The President's eagerly-awaited decision will be warmly welcomed in the West, and particularly in the United States, where senators had voted to withhold about $200m (pounds 120m) in aid to Russia if he signed it. The bill, "On Freedom of Conscience and Religious Associations", placed Mr Yeltsin in the politically painful position of having to weigh the considerable damage it would do to Russia abroad against huge domestic conservative pressures.
It was opposed by the Pope, who wrote to Mr Yeltsin requesting him to withhold his signature, warning that it threatened the survival of the Roman Catholic Church in Russia.
Announcing what he described as a "difficult decision", the President said it would have restricted the constitutional rights of Russians, destroyed the equal rights of different religions, and "contradicted" Russia's "international obligations". He also said it could "trigger religious strife" within Russia.
The legislation, overwhelmingly supported by both houses of parliament, placed restrictions on new "non-traditional" religions in Russia, which is dominated by Orthodox Christianity, but also recognises Islam, Buddhism and Judaism as part of its heritage.
Its overt intention was to stamp out the increasingly popular quasi-religious cults, like the Japanese Aum Shinri Kyo sect, masterminds of the nerve gas attack on a Tokyo subway in 1995. But it also swept in the Roman Catholic Church - which has long been at loggerheads with Russian Orthodoxy - and other mainstream groups, such as the Baptists.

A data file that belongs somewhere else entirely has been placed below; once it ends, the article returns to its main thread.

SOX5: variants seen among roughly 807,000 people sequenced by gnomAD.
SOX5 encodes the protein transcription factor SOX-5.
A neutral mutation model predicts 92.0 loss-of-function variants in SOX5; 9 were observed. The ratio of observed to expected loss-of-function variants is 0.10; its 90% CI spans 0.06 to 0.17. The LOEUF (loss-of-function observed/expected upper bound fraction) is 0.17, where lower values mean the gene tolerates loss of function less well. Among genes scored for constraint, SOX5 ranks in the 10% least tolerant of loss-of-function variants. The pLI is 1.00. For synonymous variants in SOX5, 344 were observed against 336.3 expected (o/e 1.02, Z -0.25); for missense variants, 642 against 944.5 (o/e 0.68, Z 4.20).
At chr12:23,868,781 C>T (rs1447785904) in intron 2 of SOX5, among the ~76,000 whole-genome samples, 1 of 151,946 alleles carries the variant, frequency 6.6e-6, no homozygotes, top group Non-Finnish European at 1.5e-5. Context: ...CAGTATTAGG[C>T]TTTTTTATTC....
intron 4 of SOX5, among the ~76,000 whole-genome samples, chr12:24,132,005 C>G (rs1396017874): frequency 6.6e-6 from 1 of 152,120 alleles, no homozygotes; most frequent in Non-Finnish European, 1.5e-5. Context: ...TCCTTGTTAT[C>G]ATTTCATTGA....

Among other clauses, it includes imposing a waiting period of 15 years before allowing religious organisations full legal rights - which would have barred them from owning property and worshipping during that period. Mr Yeltsin now faces the prospect of a row with parliament, which will accuse him of pandering to the West and especially the US.
The legislature, with whom he has long been sparring, can override his veto with a two-thirds majority vote in both chambers - a figure it currently appears capable of mustering.The issue must now wait until after parliament's summer recess, which ends in September.
Mr Yeltsin has never been particularly religious, but he has forged a close bond with the Orthodox Church, which is widely seen as symbolic of Russia's imperial past and its aspirations to achieve greatness again.
Church leaders have long worked hand-in-hand with the state (including with the KGB under Communism).
However, yesterday's events mean that the relationship is now under pressure. The Russian Patriarch, Alexy II, was a firm advocate of the proposed laws, describing the growth of foreign cults in Russia as a Western invasion.
The Russian Orthodox Church clearly had other motives: it has long complained about rivalry from outsiders, notably the Catholics, whom it accuses of proselytising in Russia. So strained are relations that plans for the first ever meeting between the Pope and the Patriarch were recently cancelled.
The President's decision which, like many sensitive issues in Russia, was not announced until 9pm at night, brings a temporary halt to a tortured conflict which had set conservatives and the church against human rights advocates and the WestReuse content